The internet is full of wild and wonderful conspiracy theories but few are quite as weird as the one concerning Michael Jackson and Sonic the Hedgehog.
For years the subject of intense speculation among a very specific sub-section of Sonic/MJ fandom, several videos on YouTube outlined the apparent evidence proving Jackson contributed to the soundtrack for Sonic The Hedgehog 3 on the Sega Mega Drive.
Several tracks from Jacksons’ Dangerous album certainly bore similarities to the tunes that featured in the side-scroller while the singer’s subsequent single Stranger In Moscow also featured during the game’s end credits.
A few fans were quick to pick up on the similarities, but very little about the story made sense. Why would Jackson, the King of Pop, want to provide the score for a video game sequel? It just seemed odd.
Or at least it did until a feature from French magazine Black & White confirmed the secret collaboration. It was Brad Buxer, one of the official composers on the Sonic title, who revealed he had worked with Jackson on the game – though he couldn’t recall which tracks specifically.
“I’ve never played the game so I do not know what tracks on which Michael and I have worked the developers have kept,” he said.
The Huffington Post went on to follow-up the story a few years later in more detail, confirming the odd circumstances that resulted in Jackson working on the game.
It all started back 1993 when Jackson decided to pay a visit to the Sega Technical Institute. There was no motive behind the visit – Jackson was simply a huge Sonic fan and was keen to see how things worked behind the scene.
It was only during that visit that he was offered the opportunity to work on the game’s soundtrack – Sega bosses probably never expected him to say yes, of course. It was at this point that Buxer was brought in.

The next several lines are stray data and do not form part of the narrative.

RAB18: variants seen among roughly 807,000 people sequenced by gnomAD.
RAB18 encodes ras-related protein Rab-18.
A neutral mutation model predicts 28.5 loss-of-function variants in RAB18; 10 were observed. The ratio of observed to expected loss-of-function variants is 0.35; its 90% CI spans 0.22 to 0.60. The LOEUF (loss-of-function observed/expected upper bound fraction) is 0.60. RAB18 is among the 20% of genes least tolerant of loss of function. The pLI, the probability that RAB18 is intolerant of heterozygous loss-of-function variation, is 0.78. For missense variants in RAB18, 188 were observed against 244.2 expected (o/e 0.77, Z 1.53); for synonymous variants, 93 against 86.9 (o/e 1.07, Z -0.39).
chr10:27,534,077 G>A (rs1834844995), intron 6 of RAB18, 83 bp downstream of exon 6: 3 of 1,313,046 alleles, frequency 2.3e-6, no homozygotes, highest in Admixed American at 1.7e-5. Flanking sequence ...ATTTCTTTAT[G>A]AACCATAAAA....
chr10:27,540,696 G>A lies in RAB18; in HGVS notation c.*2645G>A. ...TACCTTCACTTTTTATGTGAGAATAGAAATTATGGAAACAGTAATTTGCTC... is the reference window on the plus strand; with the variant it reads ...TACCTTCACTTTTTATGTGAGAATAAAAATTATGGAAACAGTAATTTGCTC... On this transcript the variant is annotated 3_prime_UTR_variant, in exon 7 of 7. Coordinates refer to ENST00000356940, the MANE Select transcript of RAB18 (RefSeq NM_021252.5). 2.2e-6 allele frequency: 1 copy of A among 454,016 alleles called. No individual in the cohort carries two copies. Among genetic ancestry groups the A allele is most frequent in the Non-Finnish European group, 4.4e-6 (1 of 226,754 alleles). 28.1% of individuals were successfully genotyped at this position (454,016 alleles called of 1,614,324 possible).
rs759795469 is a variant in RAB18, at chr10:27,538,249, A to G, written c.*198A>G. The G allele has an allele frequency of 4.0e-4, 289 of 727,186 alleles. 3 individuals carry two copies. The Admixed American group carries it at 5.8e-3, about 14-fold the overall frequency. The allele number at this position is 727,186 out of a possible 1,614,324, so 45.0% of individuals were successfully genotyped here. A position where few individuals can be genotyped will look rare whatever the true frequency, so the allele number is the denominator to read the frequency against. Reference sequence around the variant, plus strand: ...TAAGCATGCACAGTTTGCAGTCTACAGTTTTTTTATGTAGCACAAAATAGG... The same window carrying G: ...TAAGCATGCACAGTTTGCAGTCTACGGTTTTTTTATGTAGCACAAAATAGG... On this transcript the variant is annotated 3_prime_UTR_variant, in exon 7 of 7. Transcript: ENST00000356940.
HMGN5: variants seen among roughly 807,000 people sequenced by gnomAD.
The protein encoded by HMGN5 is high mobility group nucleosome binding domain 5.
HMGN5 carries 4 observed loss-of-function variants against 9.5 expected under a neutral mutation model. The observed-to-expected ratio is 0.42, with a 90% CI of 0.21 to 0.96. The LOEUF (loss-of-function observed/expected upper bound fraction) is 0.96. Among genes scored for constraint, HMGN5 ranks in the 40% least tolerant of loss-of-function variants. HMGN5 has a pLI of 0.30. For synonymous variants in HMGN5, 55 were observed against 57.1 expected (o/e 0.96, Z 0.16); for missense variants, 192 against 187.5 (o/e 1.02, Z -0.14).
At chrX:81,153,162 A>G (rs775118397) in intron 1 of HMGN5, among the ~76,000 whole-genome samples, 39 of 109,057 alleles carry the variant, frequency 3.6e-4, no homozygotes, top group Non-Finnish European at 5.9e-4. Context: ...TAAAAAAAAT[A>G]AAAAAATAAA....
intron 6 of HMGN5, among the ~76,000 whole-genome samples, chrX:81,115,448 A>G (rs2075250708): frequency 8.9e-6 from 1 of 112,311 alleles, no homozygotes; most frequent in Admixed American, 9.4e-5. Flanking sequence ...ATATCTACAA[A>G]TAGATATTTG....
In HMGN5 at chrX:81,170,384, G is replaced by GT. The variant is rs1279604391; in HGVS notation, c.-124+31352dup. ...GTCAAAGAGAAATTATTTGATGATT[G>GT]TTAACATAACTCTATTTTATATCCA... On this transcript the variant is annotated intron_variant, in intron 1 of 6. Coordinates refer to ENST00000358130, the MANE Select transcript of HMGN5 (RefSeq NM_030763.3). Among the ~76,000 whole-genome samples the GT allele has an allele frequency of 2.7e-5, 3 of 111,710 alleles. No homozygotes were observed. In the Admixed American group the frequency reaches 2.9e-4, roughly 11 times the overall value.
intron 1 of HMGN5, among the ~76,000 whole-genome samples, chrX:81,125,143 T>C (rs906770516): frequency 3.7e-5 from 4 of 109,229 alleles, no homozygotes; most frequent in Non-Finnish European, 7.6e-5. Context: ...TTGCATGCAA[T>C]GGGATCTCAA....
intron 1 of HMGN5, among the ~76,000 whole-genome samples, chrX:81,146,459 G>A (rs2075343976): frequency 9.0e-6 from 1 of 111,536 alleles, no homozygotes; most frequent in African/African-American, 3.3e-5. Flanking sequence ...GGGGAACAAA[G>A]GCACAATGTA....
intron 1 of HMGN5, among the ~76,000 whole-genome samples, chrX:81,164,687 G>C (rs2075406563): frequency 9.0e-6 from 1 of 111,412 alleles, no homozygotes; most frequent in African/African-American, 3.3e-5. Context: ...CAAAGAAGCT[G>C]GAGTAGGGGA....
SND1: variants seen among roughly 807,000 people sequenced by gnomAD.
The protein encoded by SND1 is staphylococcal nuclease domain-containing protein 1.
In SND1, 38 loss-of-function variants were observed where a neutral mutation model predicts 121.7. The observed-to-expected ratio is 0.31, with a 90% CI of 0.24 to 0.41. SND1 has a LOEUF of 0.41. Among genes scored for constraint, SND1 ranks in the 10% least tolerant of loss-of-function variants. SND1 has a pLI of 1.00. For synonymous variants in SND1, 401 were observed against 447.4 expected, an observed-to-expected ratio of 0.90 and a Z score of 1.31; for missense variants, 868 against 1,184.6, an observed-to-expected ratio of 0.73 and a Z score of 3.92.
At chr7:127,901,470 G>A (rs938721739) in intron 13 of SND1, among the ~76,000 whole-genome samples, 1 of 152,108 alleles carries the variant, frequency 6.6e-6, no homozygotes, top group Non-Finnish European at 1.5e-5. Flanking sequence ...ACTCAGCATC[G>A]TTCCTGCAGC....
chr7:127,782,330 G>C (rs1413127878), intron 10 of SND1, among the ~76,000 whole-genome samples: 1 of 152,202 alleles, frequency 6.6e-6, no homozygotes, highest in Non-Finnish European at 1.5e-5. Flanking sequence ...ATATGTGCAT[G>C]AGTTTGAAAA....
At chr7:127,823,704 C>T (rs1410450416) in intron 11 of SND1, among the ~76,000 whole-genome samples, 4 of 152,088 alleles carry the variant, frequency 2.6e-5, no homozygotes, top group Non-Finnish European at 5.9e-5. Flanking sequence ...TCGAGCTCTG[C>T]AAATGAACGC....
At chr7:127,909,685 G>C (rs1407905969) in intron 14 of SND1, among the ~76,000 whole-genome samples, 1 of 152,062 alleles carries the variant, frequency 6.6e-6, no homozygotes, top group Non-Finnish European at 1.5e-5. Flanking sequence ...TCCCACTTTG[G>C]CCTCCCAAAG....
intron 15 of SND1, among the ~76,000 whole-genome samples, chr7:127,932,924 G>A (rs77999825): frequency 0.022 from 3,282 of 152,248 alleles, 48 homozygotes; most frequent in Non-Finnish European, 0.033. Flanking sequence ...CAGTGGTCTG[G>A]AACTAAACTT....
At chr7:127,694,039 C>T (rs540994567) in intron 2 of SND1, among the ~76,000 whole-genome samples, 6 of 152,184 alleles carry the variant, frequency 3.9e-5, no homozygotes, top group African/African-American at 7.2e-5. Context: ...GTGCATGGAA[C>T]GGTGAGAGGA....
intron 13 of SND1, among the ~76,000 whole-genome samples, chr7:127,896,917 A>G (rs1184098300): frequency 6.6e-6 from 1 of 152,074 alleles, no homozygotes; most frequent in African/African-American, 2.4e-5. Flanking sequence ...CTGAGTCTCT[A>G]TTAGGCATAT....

“I was working with Michael on the Dangerous album,” Buxer told HuffPo, “and he [MJ] told me he was going to be doing the Sonic the Hedgehog soundtrack for Sonic 3. He asked me if I would help him with it.”
Six composers were recruited for the four-week project, which saw 41 different tracks created by Jackson and his team. The pop legend was in his element throughout the process as Matt Forger, a sound engineer on the game recalls.
“We were recording lots of beatboxing. Lots of Michael’s mouth percussion. … He’d be laughing, joking, and that kind of infectious attitude would … make the work not seem like work,” he said.
“Michael understood that this was for a game, he was in a really up mood whenever we’d be working.”
So why all the secrecy until now? Well, the first accusations of child molestation emerged prior to the release of the game, while Jackson himself was thought to be unhappy with some of the end results of his work and, in particular, the quality of the audio compression.
To this day no one is quite sure how much of Jackson’s work remains but it’s clear that some of his work remains in place, as fans are keen to highlight.
Check out the video documentary included for further proof of perhaps the strangest musical collaboration to date.
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Loaded staff writer Jack Beresford has produced content for Lad Bible, Axonn Media and a variety of online sports and news media outlets.